[OPE-L:6846] Iraq

From: Rakesh Bhandari (rakeshb@stanford.edu)
Date: Sat Mar 30 2002 - 19:10:26 EST

I am very happy that Cyrus Bina is now on this list. Welcome, Cyrus.

Cyrus, I must say that it must be in a technical sense that you speak 
of the loss of US hegemony?

All the best, Rakesh

A compliant press is preparing the ground for an all-out attack on Iraq.
It never mentions the victims: the young, the old and the vulnerable :
John Pilger : 21 Mar 2002


The promised attack on Iraq will test free journalism as never before.
The prevailing media orthodoxy is that the attack is only a matter of
time. "The arguments may already be over," says the Observer, "Bush and
Blair have made it clear . . ." The beating of war drums is so familiar
that the echo of the last round of media tom-toms is still heard,
together with its self-serving "vindication" for having done the dirty
work of great power, yet again.
I have been a reporter in too many places where public lies have
disguised the culpability for great suffering, from Indochina to
southern Africa, East Timor to Iraq, merely to turn the page or switch
off the news-as-sermon, and accept that journalism has to be like this -
"waiting outside closed doors to be lied to", as Russell Baker of the
New York Times once put it. The honourable exceptions lift the spirits.
One piece by Robert Fisk will do that, regardless of his subject. An
eyewitness report from Palestine by Peter Beaumont in the Observer
remains in the memory, as singular truth, along with Suzanne
Goldenberg's brave work for the Guardian.
The pretenders, the voices of Murdochism and especially the liberal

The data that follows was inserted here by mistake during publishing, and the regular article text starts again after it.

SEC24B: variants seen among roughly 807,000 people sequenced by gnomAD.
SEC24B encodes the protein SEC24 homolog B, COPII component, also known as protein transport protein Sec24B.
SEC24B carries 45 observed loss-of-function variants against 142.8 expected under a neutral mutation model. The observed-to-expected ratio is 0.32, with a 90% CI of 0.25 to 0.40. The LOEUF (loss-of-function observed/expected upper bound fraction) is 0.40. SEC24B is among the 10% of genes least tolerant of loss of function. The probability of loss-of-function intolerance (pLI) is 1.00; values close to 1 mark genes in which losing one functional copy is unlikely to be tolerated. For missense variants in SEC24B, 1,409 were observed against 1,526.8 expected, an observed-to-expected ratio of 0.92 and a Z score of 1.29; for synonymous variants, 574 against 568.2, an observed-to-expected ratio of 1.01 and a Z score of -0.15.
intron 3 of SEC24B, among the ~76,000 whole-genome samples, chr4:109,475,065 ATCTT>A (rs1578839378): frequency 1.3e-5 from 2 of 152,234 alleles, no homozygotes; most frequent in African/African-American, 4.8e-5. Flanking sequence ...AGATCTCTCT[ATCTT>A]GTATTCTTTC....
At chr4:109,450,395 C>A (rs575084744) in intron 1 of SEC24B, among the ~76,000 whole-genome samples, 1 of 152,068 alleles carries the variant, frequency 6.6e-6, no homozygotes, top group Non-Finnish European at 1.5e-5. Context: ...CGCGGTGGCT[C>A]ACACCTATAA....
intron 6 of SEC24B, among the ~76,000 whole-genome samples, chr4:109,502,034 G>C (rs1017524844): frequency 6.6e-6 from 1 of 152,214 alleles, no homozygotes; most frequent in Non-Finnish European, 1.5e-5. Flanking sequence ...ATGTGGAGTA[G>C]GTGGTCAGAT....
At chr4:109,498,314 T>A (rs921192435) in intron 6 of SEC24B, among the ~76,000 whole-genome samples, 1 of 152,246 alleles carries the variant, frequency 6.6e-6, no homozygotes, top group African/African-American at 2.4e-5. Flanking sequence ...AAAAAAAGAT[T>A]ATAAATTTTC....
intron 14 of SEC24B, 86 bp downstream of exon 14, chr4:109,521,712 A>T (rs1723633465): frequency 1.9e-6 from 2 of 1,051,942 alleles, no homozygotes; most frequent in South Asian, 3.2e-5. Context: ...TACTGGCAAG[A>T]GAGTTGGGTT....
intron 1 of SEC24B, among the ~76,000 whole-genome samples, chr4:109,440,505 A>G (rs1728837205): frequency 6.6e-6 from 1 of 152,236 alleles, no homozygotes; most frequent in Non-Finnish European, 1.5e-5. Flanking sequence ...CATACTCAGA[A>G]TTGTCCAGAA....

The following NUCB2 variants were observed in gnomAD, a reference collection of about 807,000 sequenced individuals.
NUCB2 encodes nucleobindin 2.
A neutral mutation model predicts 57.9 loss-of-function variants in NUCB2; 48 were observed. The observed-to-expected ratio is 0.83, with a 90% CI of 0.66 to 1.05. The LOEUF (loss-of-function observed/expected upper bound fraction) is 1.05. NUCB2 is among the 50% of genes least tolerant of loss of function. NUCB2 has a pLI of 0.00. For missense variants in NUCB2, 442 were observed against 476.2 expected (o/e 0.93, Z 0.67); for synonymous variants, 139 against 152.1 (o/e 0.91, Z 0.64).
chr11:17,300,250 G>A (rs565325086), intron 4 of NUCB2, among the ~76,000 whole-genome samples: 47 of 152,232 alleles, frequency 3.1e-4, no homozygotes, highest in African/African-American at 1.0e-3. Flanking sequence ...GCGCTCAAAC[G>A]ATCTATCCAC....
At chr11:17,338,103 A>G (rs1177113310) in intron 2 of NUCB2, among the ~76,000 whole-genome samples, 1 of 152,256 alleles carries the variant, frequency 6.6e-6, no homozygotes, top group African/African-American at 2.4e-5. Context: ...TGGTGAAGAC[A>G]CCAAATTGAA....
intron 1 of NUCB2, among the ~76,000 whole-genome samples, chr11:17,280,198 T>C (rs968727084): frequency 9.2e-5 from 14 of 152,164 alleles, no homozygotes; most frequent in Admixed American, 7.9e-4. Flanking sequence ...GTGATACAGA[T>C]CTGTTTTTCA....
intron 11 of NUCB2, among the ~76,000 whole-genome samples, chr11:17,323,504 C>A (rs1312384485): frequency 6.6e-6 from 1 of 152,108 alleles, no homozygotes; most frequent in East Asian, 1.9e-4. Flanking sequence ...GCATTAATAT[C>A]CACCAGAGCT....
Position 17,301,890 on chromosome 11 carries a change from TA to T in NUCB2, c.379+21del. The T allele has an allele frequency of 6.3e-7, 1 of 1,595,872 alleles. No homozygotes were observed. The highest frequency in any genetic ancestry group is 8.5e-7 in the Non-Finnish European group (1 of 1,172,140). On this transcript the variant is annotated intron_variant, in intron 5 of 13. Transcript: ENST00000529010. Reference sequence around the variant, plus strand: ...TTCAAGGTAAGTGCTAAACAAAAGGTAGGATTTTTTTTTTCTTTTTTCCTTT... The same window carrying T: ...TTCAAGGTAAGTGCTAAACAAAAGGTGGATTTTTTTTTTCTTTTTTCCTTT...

ciphers of rampant western power can rightly say that Pravda never
published a Fisk. "How do you do it?" asked a Pravda editor, touring the
US with other Soviet journalists at the height of the cold war. Having
read all the papers and watched the TV, they were astonished to find
that all the foreign news and opinions were more or less the same. "In
our country, we put people in prison, we tear out their fingernails to
achieve this result? What's your secret?"
The secret is the acceptance, often unconscious, of an imperial legacy:
the unspoken rule of reporting whole societies in terms of their
usefulness to western "interests" and of minimising and obfuscating the
culpability of "our" crimes. "What are 'we' to do?" is the unerring
media cry when it is rarely asked who "we" are and what "our" true
agenda is, based on a history of conquest and violence. Liberal
sensibilities may be offended, even shocked by modern imperial double
standards, embodied in Blair; but the invisible boundaries of how they
are reported are not in dispute. The trail of blood is seldom followed;
the connections are not made; "our" criminals, who kill and collude in
killing large numbers of human beings at a safe distance, are not named,
apart from an occasional token, like Kissinger.
A long series of criminal operations by the American secret state,